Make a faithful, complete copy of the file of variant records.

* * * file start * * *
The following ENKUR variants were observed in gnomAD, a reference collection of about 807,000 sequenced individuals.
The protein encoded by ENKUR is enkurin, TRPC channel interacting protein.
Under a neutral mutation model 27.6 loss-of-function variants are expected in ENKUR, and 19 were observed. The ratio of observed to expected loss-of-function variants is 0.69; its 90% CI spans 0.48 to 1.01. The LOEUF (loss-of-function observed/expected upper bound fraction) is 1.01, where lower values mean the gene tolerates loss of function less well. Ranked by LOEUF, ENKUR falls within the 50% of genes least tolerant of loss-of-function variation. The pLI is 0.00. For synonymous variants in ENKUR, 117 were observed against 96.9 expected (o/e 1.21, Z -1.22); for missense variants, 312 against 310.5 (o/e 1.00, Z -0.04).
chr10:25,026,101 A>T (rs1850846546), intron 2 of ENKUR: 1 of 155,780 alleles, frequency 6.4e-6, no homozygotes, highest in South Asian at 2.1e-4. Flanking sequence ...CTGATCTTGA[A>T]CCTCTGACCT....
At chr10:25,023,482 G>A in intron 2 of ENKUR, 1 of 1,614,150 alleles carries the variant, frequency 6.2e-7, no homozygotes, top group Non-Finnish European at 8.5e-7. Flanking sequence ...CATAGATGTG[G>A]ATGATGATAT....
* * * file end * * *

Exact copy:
The following ENKUR variants were observed in gnomAD, a reference collection of about 807,000 sequenced individuals.
The protein encoded by ENKUR is enkurin, TRPC channel interacting protein.
Under a neutral mutation model 27.6 loss-of-function variants are expected in ENKUR, and 19 were observed. The ratio of observed to expected loss-of-function variants is 0.69; its 90% CI spans 0.48 to 1.01. The LOEUF (loss-of-function observed/expected upper bound fraction) is 1.01, where lower values mean the gene tolerates loss of function less well. Ranked by LOEUF, ENKUR falls within the 50% of genes least tolerant of loss-of-function variation. The pLI is 0.00. For synonymous variants in ENKUR, 117 were observed against 96.9 expected (o/e 1.21, Z -1.22); for missense variants, 312 against 310.5 (o/e 1.00, Z -0.04).
chr10:25,026,101 A>T (rs1850846546), intron 2 of ENKUR: 1 of 155,780 alleles, frequency 6.4e-6, no homozygotes, highest in South Asian at 2.1e-4. Flanking sequence ...CTGATCTTGA[A>T]CCTCTGACCT....
At chr10:25,023,482 G>A in intron 2 of ENKUR, 1 of 1,614,150 alleles carries the variant, frequency 6.2e-7, no homozygotes, top group Non-Finnish European at 8.5e-7. Flanking sequence ...CATAGATGTG[G>A]ATGATGATAT....